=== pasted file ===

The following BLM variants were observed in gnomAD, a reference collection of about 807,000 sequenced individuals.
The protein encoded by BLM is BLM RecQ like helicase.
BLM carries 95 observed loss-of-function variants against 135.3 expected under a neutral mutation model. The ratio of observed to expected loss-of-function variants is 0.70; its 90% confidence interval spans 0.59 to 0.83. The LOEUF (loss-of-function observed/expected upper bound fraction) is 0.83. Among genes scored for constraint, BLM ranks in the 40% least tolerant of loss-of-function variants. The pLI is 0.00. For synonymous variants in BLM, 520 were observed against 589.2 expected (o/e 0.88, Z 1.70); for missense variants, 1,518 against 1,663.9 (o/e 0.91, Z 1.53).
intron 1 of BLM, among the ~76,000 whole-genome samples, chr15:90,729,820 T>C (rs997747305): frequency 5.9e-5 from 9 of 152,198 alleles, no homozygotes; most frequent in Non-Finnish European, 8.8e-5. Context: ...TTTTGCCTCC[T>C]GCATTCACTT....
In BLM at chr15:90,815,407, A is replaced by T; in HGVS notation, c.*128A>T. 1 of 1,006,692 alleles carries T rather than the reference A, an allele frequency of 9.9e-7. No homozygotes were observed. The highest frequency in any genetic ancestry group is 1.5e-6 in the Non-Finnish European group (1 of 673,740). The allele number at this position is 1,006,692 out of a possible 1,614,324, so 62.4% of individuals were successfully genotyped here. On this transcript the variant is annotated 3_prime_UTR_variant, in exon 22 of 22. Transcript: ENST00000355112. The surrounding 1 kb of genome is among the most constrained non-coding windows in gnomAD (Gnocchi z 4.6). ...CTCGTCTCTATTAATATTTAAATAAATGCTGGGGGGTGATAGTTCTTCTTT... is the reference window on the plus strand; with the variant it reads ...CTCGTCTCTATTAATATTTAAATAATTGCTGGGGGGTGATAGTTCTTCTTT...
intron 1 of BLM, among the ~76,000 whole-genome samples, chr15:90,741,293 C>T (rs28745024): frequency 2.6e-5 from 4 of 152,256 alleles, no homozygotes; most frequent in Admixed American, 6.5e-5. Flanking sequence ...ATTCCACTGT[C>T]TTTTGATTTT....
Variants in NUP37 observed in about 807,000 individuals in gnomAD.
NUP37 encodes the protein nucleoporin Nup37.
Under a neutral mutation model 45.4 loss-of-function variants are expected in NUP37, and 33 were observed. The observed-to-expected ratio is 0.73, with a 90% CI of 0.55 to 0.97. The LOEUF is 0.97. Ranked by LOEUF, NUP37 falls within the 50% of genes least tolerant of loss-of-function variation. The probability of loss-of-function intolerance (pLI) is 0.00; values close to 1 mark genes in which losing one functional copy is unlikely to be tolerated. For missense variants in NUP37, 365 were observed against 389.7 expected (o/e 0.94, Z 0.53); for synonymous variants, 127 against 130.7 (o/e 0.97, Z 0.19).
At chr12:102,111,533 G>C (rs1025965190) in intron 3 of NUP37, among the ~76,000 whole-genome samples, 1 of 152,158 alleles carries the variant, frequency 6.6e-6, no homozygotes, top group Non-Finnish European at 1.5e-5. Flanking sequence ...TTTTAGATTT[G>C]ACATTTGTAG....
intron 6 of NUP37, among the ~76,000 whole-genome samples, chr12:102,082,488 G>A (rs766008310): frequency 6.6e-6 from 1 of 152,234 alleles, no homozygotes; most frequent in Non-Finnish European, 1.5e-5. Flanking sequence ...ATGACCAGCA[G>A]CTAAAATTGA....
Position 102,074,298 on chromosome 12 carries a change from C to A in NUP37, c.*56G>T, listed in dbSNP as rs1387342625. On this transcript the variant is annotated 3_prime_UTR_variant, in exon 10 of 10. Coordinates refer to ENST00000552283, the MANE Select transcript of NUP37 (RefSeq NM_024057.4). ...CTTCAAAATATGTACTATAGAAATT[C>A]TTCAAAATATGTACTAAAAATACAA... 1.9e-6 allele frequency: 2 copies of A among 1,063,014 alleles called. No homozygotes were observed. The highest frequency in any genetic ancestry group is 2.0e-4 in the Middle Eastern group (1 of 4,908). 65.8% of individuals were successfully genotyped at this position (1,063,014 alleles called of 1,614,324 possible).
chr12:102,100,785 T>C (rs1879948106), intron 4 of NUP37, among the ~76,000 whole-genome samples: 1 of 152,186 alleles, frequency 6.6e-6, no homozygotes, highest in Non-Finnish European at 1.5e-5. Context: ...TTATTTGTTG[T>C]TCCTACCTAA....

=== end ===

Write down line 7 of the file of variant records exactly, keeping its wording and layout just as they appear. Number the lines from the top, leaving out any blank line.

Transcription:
Variants in NUP37 observed in about 807,000 individuals in gnomAD.